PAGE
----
At just 22 years old, out lesbian artist Genevieve Chua is staging her first solo exhibition, As Brutal As from June 1-10 at the La Libreria Gallery. Through her pencil drawings, she explores the "themes of psychological horror and sexuality" and wants to "invoke viewers to rethink their perceptions and conjure new experiences." Genevieve speaks to Fridae about her art and taking a sabbatical from University this year to pursue her art practice.
Genevieve: Watching some horror films got me started on this series of work. I like a lot of the tension that goes along with it. Not one which is dark and morbid but something smaller, silent and unpredictable. Like standing beside someone you like and getting unnerved over whether you should hold her hand. Intrinsically reflective of life, not just mine per se.
æ: When and how did you discover your inclination for art?
Genevieve: When I was three, I started drawing tits and pussies on the walls - by that I meant birds and cats. The impulse to do more art came up when I decided to take that inclination seriously and enrolled into Nanyang Academy of Fine Arts' (NAFA) School of Young Talents program at 13, where I started a weekly program of intensive honing of pencil, charcoal, watercolours and traditional mediums. I let it consume me so much that art school came as a natural choice after.
æ: When did you first realise you wanted to turn that into a career and when did you actually consider yourself as an artist?
Genevieve: The Nokia Singapore Art Show in 2001 had a substantial impact on me. I saw the works of the installation artists, sculptors and painters and realised there was a wealth of ideas and issues that could be brought across through images and forms. I was very much drawn into art making from that point.
æ: What challenges do you face in pursuing art at this age?
Genevieve: It's rather complicated to juggle school and my art practice at some point. And I had to take a sabbatical from University this year to follow through with these burning ideas and plans that I had. It's the hurdle of getting over the initial self-doubt and having lots of discipline to make sure one's decisions work out in the best possible consequence.
æ: Tell us more about the different periods in your art career so far.
Genevieve: After being in NAFA as an impressionable kid for fours years part-time, I had embarked on a fine art foundation in printmaking in 2001. That had an enormous effect on my work methods for technical skill and precision, which I brought forward as a painting major in LASALLE in 2002. I started out doing representational paintings of film-stills and nudes of women in different states of the human condition. Drawing was an overlap period during the time I was painting, which started in 2004 and which I am still working with at present.
æ: We heard you have garnered quite a following of your work since you started on your nudes in 2004. Tell us more about that. Any crazy fans?
Genevieve: Just great (and crazy) friends, mentors and peers who support what I'm doing : ) I'm more than thankful that people collect my work.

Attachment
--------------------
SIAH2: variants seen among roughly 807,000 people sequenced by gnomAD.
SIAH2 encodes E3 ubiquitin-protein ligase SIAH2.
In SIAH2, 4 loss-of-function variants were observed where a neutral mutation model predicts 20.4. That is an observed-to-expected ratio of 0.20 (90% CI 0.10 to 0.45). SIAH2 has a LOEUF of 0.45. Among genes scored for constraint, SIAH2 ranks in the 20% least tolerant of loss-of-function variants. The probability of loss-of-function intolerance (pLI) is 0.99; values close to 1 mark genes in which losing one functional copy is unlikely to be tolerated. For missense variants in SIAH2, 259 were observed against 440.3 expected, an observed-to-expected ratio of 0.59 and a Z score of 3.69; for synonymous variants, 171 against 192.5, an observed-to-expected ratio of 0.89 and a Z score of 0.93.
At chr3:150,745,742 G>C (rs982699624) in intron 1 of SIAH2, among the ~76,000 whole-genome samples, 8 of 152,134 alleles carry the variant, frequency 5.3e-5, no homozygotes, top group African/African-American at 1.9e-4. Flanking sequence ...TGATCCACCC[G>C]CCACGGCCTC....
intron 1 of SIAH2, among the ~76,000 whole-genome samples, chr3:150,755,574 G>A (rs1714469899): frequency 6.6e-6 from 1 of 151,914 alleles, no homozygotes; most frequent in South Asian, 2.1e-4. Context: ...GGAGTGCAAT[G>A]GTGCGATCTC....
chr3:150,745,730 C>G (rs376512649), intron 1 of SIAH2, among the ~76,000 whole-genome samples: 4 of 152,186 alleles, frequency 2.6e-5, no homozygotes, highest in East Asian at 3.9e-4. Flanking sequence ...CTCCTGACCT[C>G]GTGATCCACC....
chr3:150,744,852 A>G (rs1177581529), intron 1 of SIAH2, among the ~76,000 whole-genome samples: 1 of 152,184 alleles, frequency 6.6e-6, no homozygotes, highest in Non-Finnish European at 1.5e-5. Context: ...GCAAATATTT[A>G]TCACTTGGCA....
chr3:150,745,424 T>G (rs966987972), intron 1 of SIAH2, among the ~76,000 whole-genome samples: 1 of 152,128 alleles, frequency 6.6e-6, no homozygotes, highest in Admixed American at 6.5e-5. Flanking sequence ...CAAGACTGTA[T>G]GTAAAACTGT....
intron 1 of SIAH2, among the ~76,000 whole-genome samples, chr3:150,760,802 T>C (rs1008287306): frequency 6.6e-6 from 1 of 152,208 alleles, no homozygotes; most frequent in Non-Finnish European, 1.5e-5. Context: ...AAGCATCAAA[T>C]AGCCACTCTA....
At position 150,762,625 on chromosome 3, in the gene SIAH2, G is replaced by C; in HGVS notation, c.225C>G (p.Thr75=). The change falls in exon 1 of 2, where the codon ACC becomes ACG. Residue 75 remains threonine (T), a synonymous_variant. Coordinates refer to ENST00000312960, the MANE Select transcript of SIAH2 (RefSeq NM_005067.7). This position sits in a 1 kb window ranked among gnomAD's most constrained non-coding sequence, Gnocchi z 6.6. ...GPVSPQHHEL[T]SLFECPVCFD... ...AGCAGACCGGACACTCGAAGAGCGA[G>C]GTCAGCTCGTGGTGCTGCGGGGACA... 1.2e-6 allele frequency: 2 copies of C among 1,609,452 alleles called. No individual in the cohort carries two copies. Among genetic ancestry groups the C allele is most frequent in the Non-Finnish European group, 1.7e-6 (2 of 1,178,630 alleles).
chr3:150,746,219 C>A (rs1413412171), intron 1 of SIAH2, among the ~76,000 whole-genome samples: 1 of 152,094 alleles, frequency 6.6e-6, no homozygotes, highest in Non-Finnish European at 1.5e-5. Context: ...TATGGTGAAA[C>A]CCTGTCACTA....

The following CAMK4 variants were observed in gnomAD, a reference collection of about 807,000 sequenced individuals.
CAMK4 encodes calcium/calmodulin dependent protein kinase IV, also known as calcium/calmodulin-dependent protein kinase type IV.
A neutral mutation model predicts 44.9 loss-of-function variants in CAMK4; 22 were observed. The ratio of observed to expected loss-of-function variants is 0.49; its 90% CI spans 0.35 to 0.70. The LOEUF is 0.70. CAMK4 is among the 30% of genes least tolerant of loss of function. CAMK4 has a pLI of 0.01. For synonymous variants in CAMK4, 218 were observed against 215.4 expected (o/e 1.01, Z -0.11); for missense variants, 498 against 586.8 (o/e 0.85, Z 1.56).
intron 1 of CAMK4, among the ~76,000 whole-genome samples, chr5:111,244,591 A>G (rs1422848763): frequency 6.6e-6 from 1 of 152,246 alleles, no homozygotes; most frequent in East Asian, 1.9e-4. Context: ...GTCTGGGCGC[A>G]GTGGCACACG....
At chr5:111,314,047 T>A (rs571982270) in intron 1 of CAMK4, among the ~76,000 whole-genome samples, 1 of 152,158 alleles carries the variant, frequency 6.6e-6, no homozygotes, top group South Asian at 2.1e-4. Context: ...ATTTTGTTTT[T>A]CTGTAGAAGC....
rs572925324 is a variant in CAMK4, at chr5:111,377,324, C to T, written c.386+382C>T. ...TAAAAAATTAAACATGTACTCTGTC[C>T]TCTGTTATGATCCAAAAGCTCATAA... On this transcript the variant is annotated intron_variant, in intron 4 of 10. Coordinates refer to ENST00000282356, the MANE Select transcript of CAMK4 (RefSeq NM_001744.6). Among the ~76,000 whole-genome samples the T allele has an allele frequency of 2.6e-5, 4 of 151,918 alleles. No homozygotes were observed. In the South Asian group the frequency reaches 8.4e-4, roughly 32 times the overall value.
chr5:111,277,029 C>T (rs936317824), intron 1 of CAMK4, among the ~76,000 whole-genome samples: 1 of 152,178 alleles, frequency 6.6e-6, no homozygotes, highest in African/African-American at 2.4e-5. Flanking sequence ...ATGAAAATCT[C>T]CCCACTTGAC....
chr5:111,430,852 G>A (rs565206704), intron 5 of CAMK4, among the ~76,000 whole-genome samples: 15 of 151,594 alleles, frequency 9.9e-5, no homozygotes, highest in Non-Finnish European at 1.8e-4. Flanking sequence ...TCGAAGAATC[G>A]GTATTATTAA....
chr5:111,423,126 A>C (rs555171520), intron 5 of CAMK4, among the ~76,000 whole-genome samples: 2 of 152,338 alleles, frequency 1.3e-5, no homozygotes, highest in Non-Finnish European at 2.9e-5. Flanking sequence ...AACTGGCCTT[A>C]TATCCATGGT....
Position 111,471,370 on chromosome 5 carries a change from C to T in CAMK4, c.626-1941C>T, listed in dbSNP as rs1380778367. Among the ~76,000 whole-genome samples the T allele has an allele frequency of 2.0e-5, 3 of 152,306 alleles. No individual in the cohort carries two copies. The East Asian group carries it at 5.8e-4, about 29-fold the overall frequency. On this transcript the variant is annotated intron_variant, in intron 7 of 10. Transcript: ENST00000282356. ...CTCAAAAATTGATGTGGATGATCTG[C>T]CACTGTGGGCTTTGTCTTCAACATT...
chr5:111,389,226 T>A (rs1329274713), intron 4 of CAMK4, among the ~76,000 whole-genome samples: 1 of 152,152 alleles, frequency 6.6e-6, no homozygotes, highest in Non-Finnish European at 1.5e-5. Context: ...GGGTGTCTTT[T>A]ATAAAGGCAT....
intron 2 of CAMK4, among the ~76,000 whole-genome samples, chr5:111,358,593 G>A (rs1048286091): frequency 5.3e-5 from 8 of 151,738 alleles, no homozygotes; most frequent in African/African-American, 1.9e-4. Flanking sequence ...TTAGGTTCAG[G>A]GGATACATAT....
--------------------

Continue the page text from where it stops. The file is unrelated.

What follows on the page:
æ: While there are a number of out gay male artists in Singapore, there seems to be significantly fewer out lesbians. Any thoughts on that?
Genevieve: Perhaps the artists who are lesbian don't exclusively do lesbian/gay themed work aside from other issues which they dabble with. It's common for an artist to say that her art comes before her sexuality, because it can be limiting.
æ: What is the biggest misconception about you and/or about artists in general?
Genevieve: That being an artist makes me 'arty-farty'. Like, ew, horrible term. I can control my gas very well thanks. What I mean is, not all artists are flighty; exude angst; have tortured souls; or dress like collage paintings. I know of respected art-makers who are very grounded and idealistic.
æ: Who or what inspires you?
Genevieve: Amongst numerous things, reading a good book. Maybe something by Haruki Murakami; Anne Sexton; Anais Nin; Kazuo Ishiguro; or Hanif Kureishi and having a cup of chamomile tea to go along. No sugar.
æ: Who would you most like to collaborate with and why?
Genevieve: Wordsmiths. They string meaning together differently from image-makers and it intrigues me.
æ: If you could do it all over again, what would you change?
Genevieve: I shouldn't have had so much carbs at lunch. And this bimbotic answer.
æ: What was the most important thing that happened to you in the last 12 months?
Genevieve: I met this sparkling gorgeous and intelligent girl and she became my girlfriend. Go self-esteem!
æ: Tell us about a cause that you support?
Genevieve: Advocacy of the local arts scene! For obvious reasons!
æ: What's your vision for the gay/lesbian community in Singapore/Asia?
Genevieve: I wish to see more cohesion between the gay community and the lesbian community. Such that a cause like repealing Section 377A would garner strong support from the women as well.
æ: What's your biggest guilty pleasure?
Genevieve: Not doing work for days to watch whole seasons of Little Britain and Grey's Anatomy in bed.
æ: Tell us one of your fantasies?
Genevieve: Two butches making out with each other. Props involve two starched white long-sleeved shirts, boy briefs, 1 dildo to pack, 1 dildo to strap, binders, belts, black tie, and two butches. Okay, that will make a new drawing.
æ: Who would your dream date be if you were straight for a day?
Genevieve: Takeshi Kaneshiro, after 25mins of ploughing through images of men's faces on the Internet. Ugh.
æ: Tell us something even your mother doesn't know.
Genevieve: I hold my breath to eat carrots because I really don't like it.
The exhibition runs from June 1-10 at the La Libreria Gallery at 64A Queen Street, Bugis Village, 2/F. Gallery opening hours Tue-Sun 11am - 7pm. Fridae readers are invited to the opening on June 1 at 7pm.